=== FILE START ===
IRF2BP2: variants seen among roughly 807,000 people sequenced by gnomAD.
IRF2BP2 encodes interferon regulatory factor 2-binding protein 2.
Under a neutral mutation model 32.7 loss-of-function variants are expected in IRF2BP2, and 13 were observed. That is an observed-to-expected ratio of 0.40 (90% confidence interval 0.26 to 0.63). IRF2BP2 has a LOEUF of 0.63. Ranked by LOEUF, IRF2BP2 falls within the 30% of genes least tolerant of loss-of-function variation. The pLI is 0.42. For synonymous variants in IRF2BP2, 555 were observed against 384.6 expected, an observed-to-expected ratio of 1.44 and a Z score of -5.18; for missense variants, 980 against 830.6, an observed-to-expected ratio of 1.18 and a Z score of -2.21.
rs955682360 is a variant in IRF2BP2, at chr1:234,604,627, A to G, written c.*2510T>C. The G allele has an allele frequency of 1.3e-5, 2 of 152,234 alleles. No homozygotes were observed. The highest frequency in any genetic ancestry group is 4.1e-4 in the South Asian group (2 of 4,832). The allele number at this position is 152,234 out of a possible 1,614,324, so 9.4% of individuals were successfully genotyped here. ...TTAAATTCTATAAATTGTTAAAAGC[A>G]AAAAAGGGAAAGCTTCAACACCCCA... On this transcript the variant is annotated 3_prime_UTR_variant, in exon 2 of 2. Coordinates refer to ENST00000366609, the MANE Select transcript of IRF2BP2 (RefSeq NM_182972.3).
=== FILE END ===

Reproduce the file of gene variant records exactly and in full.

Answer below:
IRF2BP2: variants seen among roughly 807,000 people sequenced by gnomAD.
IRF2BP2 encodes interferon regulatory factor 2-binding protein 2.
Under a neutral mutation model 32.7 loss-of-function variants are expected in IRF2BP2, and 13 were observed. That is an observed-to-expected ratio of 0.40 (90% confidence interval 0.26 to 0.63). IRF2BP2 has a LOEUF of 0.63. Ranked by LOEUF, IRF2BP2 falls within the 30% of genes least tolerant of loss-of-function variation. The pLI is 0.42. For synonymous variants in IRF2BP2, 555 were observed against 384.6 expected, an observed-to-expected ratio of 1.44 and a Z score of -5.18; for missense variants, 980 against 830.6, an observed-to-expected ratio of 1.18 and a Z score of -2.21.
rs955682360 is a variant in IRF2BP2, at chr1:234,604,627, A to G, written c.*2510T>C. The G allele has an allele frequency of 1.3e-5, 2 of 152,234 alleles. No homozygotes were observed. The highest frequency in any genetic ancestry group is 4.1e-4 in the South Asian group (2 of 4,832). The allele number at this position is 152,234 out of a possible 1,614,324, so 9.4% of individuals were successfully genotyped here. ...TTAAATTCTATAAATTGTTAAAAGC[A>G]AAAAAGGGAAAGCTTCAACACCCCA... On this transcript the variant is annotated 3_prime_UTR_variant, in exon 2 of 2. Coordinates refer to ENST00000366609, the MANE Select transcript of IRF2BP2 (RefSeq NM_182972.3).